C M Y K www.newssun.comN ews-SunS unday, April 28, 2013Page B5 DR. ROTMAN, DARRIN; 5.542"; 10.5"; Black; april ads; 0 0 0 0 0 0 2 2 8 8 9 9 5 5 6 6 Business C ourtesy photo Country Club Realtys Helen Ferry (left were honored at the recent Heartland Realtors Associaiton banquet. Ferry was named 2012 Realtor of the Year. Reed was awareded the Hall of Fame honor for the year. Reed, Ferry honored Special to the News-SunSEBRING The Sebring Community RedevelopmentA gency (CRA announce that Marjorie Ferrer, executive director for the Delray Beach Downtown DevelopmentA uthority (DDA expert on downtown revitalization and redevelopment, will address Downtown Sebring onT hursday, May 2 at 5:30 p.m. at the Sebring Civic Center. A nyone who is interested in Downtown Sebring is encouraged to attend andh ear Ferrer speak with the community once again a bout redevelopment and the opportunities within the Downtown Sebring district.F errer is an inspiring speaker and a well-respected l eader in the area of downtown redevelopment who has turned Downtown Delray Beach into a thriving destination for residentsa nd tourists. As executive director for t he Delray Beach DDA since 1993, Ferrer has spearheaded the revitaliza-t ion of the City to encompass daytime and nighttime e conomy and activity. In less than two decades, she has initiated concepts thath ave been instrumental to Delray Beachs emergence a s a thriving downtown, including Clean & Safe Initiatives, directing award-w inning marketing campaigns and promotions that d rive economic growth throughout the community. Under Ferrers dedicated leadership, Delray Beach continues to be successfullyb randed as the Village by the Sea. Her responsibilities e ncompass promoting Delray Beach locally, regionally, nationally andi nternationally, which has been voted Most Fun S mall Town in the USA last year by Rand McNally, USAToday and the Travel Channel. S imultaneous to the DDA position, she also served as Executive Director of the Delray Beach Downtown Marketing Cooperativef rom 1993-2010, successfully coordinating a partnership between the Chamber of Commerce, the Community RedevelopmentA gency, the Downtown Development Authority and the City of Delray Beachd rawing millions of visitors and residents to the town through events. M any of the signature events included the World F amous 100-Foot Christmas Tree, First Night and Art & Jazz on the Avenue, all ofw hich generated over $4 million in monetary sponsor s upport and more that $11 million in in-kind sponsor support for the events and programs. For updates, like D owntown Sebring on the CRAs Facebook Fan Page a t www.Facebook.com/Downt ownSebringFLor sign up tor eceive the monthly Enewsletter at w ww.DowntownSebring.org Revitalization expert to talk about Downtown Sebring Courtesy photo Marjorie Ferrer,executive director for the Delray Beach Downtown D evelopment Authority. Special to the News-SunAVON PARK A C ertified Professional Food Manager Review Class & E xam is scheduled for Saturday, May 18 at RidgeA rea Arc Training Room. The review class will be from 8:30 a.m. to 12:30 p.m. The exam will be from 1:303:30 p.m. The facility isl ocated at 120 W. College Drive. Ridge Area Arc has been providing foodhandler training classes since last September, but this is thef irst food manager training to be offered by Arc in Highlands County. This is just one more service Arc is bringing to the community in addition to the services it provides for people with disabilities. The cost is $160 per student. The fee includes a ServSafe Manager Review Guide, Review Class, ServSafe CPFM Exam and a First Time Passing Guarantee for those attending the review class and buying the guide. If a student does not pass the first time, the second time the review class and exam are free as long as the student calls within 21 days. Seating is limited. The National Restaurant Associations ServSafe Food Protection Manager Certification is nationally recognized. It is good for five years from the exam date. Local laws apply. Earning the certification tellst he industry that the certified manager knows food safety a nd the critical importance of its role and enables them tos hare food safety knowledge with every other employee. According to Florida Statutes and related administrative rules, managersr esponsible for storage, preparation, display and service of food in the Florida Department of Business & Professional Regulation-l icensed food service establishments to pass a Certified Food Manager examination. Every DBPR-licensed food service establishment must have at least one certified food manager, and one must be present any time four or more employees are engaged in preparation, storage, or service of food. Managers have 30 days after employment to become certified. Register for the class by May 10. Bring payment to Ridge Area Arc Administration, 120 W. College Drive, where students can also pick up their Manager Review Guide. Checks or money orders must be made payable to Ridge Area Arc. Cash and credit cards are accepted. A$20 fee will apply to all returned checks. Ano show will result in a loss of all registration fees. Review, exam set for food managers Special to the News-Sun SEBRING Alan Holmes, a Sebring finan-c ial advisor for the financial-services firm Edward Jones, recently met with legislators in Washington, D.C., to seek legislation to increase savings ande nhance retirement security.This is the 29th year for t his effort making it one of the longest-running nationwide grassroots out-r each efforts to Congress in existence. H olmes was one of 51 financial advisors chosen from among the firms nearly 12,000 who traveled to Washington, D.C., tol obby on behalf of individual investors. H olmes does this as a member of the firms Grassroots Task Force, ag roup dedicated to voicing the investment concerns of i ndividual investors to local, state and national lawmakers. E dward Jones is the only large brokerage firm in the nation to organize this kind o f grassroots effort. The financial advisors carry sign ificant weight with legislators because they speak for the needs and concerns of nearly 7 million clients. While meeting with legi slators, Holmes discussed how the Edward Jones Grassroots Task Force supports saving and investing incentives that encourage people to save for their retirement and other long-t erm financial goals. e appreciate the o pportunity to communicate the concerns of individual investors, especially those here in Sebring, and make sure they are heardo n Capitol Hill, Holmes said. Edward Jones provides financial services for individual investors in theU nited States and, through its affiliate, in Canada. Every aspect of the firms business, from the types of investment options offered to the location of branch offices, is designed to cater to individual investors in the communities in which they live and work. The firms 12,000 financial advisors work directly with nearly 7 million clients to understand their personal goals from college savings to retirement and create long-term investment solutions that emphasize a well-balanced portfolio and a buy-andhold strategy. Edward Jones embraces the importance of building long-term, face-to-face relationships with clients, helping them to understand and make sense of the investment options available today. In January 2013, for the 14th year, Edward Jones was named one of the best companies to work for by Fortune Magazine in its annual listing. The firm ranked No. 8 overall. These 14 Fortune rankings include 10 top-10 finishes, consecutive No. 1 rankings in 2002 and 2003, and consecutive No. 2 rankings in 2009 and 2010. Fortune and Time Inc. are not affiliated with and do not endorse products or services of Edward Jones. Edward Jones is headquartered in St. Louis. The Edward Jones website is at www.edwardjones.com. Holmes travels to DC on behalf of individual investors Special to the News-SunLAKE PLACID Vicki Spires, president of the board of the Greater Lake Placid Chamber of Commerce,announces that MariaH agg, Florida Hospital Heartland Lake Placid, has joined the chamb er board of directors. Hagg is currently the Intensive Care Unit Nurse Manager at Florida Hospital Heartland Lake Placid.She is also currently pur-s uing her masters degree at the University of Phoenix online. Hagg joins Lake Placid chamber board Maria Hagg CROSSWORDSOLUTION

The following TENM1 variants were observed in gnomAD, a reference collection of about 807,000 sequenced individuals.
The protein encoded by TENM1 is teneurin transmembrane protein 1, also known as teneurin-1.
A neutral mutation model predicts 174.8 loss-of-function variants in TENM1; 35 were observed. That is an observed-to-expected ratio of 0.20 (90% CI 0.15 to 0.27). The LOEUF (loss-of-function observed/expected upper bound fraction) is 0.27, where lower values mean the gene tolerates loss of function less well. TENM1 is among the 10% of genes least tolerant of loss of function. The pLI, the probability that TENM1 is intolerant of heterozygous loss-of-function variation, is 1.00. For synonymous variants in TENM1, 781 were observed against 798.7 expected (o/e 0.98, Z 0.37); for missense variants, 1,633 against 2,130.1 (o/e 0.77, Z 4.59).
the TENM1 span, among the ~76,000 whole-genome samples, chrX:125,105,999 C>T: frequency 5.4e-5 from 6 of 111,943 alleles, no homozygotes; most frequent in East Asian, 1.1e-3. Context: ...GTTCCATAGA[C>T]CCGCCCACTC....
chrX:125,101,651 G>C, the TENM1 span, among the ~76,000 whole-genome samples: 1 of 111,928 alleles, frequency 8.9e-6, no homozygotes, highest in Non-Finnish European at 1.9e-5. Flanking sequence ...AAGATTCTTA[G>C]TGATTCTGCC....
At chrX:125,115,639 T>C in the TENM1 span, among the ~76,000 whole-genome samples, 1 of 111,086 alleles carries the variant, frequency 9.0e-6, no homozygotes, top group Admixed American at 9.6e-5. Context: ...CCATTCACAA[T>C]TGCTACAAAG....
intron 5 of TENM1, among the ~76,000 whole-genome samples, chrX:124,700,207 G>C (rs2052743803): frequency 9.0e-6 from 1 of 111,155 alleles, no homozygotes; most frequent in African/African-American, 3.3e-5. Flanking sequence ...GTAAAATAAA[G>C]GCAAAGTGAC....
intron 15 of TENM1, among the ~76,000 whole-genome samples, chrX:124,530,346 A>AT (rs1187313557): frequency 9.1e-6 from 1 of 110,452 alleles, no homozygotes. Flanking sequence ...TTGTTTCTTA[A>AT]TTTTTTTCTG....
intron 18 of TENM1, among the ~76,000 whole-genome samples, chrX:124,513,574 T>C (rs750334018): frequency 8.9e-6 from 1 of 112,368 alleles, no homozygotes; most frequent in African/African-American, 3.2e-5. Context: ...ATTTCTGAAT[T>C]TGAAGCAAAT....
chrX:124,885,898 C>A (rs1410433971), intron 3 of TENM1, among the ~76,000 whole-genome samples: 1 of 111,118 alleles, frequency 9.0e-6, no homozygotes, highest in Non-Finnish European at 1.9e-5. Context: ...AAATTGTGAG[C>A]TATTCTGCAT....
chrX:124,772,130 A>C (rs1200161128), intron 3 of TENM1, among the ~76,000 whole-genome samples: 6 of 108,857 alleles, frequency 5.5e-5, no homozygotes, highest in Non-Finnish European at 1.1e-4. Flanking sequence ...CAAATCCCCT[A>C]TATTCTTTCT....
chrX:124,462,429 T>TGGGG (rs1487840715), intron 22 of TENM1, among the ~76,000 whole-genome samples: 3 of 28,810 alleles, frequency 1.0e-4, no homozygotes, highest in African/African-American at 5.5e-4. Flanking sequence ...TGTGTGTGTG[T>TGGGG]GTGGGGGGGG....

C M Y K This pastM onday, April 22 was Earth Day. Many s chools had students doing educationalE arth Day projects. Various groups of environmentalist around the world took part in clean ups, reforestationp rojects, educational activities, plant give a ways, and a v ariety of other earth friendly events. Did you do anything spec ial to celebrate the planet this year? Y ou may be asking, whats all this fuss about Earth Day anyway? Well, it all started with a man by the name of Gaylord Nelson, a WisconsinS enator who was sick and tired of seeing our planet b eing abused. In 1969, one of the worst oil spills in history spewedh undreds of thousands of gallons of crude oil and gas i nto our beautiful oceans over an 800-mile area. The spill affected 35 miles o f coastline and killed more than 10,000 birds and countless other species of wildlife. T his, in combination with factorys smoke stacks bill owing out black contaminates into the atmosphere, pollutants gushing directly into lakes, streams and oceans, and cars that sportedV 8 engines pumping gallons of leaded gas, led him to take a stand and make a difference when it seemed that many Americans were oblivious to the damage that was being done to the Earth. I n 1969 Senator Nelson proposed a national teach-in o n the environment, which he hoped would send a message to Washington that the general public wanted to see politicians do somethinga bout the environmental challenges of the times. Activism was all the rage in the s, and the Senator took advantage of the cli-m ate of the times and gathered environmentally passionate students to help rally the public. This resulted in a national day of recognition regarding the environment. With public support behind it, Earth Day was born and has been celebrated for over four decades. But just in case you forgot to celebrate or maybe you didnt even know it was Earth Day, heres a little test you can take to help you be more knowledgeable about the planet you live on: To test your planet IQ here are some questions, whose answers may surprisey ou. How much solid waste does the United States produce in one year? A 50 million tons B. 150 million tons C. 250 million tons Answer: C 250 million tons, says the EPA. Thatsm ore than 1,000 times greater than one of the largest cruise ships in the world. How many pounds of t rash did the United States create, perperson, every d ay in 2010? A. 1.23 lbs. B. 3.46 lbs.C 4.43 lbs. Answer: C Less than 5 p ounds may not seem like much, but if you multiply it by 365 days, that's 1,617 pounds of garbage per person over a year. Which of the following t akes the longest time to break down? A. Plastic six-pack holderB Hard plastic container C. Disposable diaper A nswer: A Aplastic sixpack holder takes 450 years to disintegrate. Consider thei mpact of plastic water bottles, which take as long to biodegrade. The I nternational Bottled Water Association says that in the t op 10 global markets alone, people consumed more than 61 billion gallons of bottled water in 2011. W hich of the following accounts forthe greatest percentage of total waste in the United States? A. Paper C. Plastics D. GlassA nswer: A Paper is by far the No. 1 item Americans d ispose of. But it is also the most recycled material. About 70 percent of the Earth is covered withw ater. Only a relatively small amount of it is potentially potable fresh water. How much? A. 1 percent B. 2.5 percentC 7.3 percent Answer: B Only 2.5 percent of water on Earth is fresh water. And 70 percent of that is locked up in polari ce. Though fresh water would seem somewhat precious, Americans use a loto f it every day. On average, what is the approximate daily wateruse of each household? A. 25 gallons B. 50 gallonsC 300 gallons Answer: C 300 gallons. T hats what the U.S. Environmental Protection Agency says. Meanwhile,m ore than 750 million people (more than 10 percent of t he worlds population) still dont have adequate access to drinking water, according to the United Nations. A lot of the wateris used by Americans on their l awns. What percentage, on average, is used foroutdoorpurposes? A About 10 percent B. About 30 percent C About 60 percent Answer: B About 30 percent of U.S. residentiala nd commercial water goes for outdoor use. And up to 50 percent of that evaporates i f you water in the heat of the day, the EPAestimates. It has been said that knowledge is power, so hopefully now you know a little bit more about whatsh appening on our earth. Its actually fairly easy to take a few simple steps and make small lifestyle changes that have a huge impact on our environment. Cut down on water usage b y turning water off when not in use; irrigate less, your l awn only needs so much water. Recycle and reuse. Youd be amazed how many things are thrown away that can ber eused in practical ways. Throw organic waste on your gardens; it decreases the amount of trash and helps plants grow. Look up some environmental prac-t ices; make it a family project. Take care of our planet, its the only one we have. The wealth of the nation is its air, water, soil, forests,m inerals, rivers, lakes, oceans, scenic beauty, wildlife habitats and biodiversity Thats the whole economy. These biological systems are the sustaining wealth of the world. G aylord Nelson 1995 Corine Burgess is and Environmental Specialist for the Highlands County Parks and Natural Resources Department. Guest columns are the opinion of the writer,not necessarily those oft he News-Sun staff. Page B6News-SunSunday, April 28, 2013www.newssun.com grad; 5.542"; 10.5"; Black; grad dummy 2013; 0 0 0 0 0 0 2 2 9 9 4 4 1 1 2 2 E.O. KOCH CONSTRUCTION CO.; 5.542"; 4"; Black; com p/u; 0 0 0 0 0 0 2 2 9 9 5 5 3 3 5 5 church page; 5.542"; 7.1"; Black; church page dummy; 0 0 0 0 0 0 2 2 6 6 4 4 0 0 0 0 DR. PALOSKY, D.D., ERIC; 3.639"; 3"; Black; april ads; 0 0 0 0 0 0 2 2 8 8 9 9 2 2 4 4 Environment In honor of Earth Day, test your planet IQ C ourtesy photo Senator Gaylord Nelson is c redited with the creation of Earth Day as a response to t he environmental issues of the 1960s and s. N ews From T he W atershed Corine Burgess GET YOUR LOCAL NEWS STRAIGHT FROM THE SOURCE The news is just a click away!www.newssun.com NEWS-SUN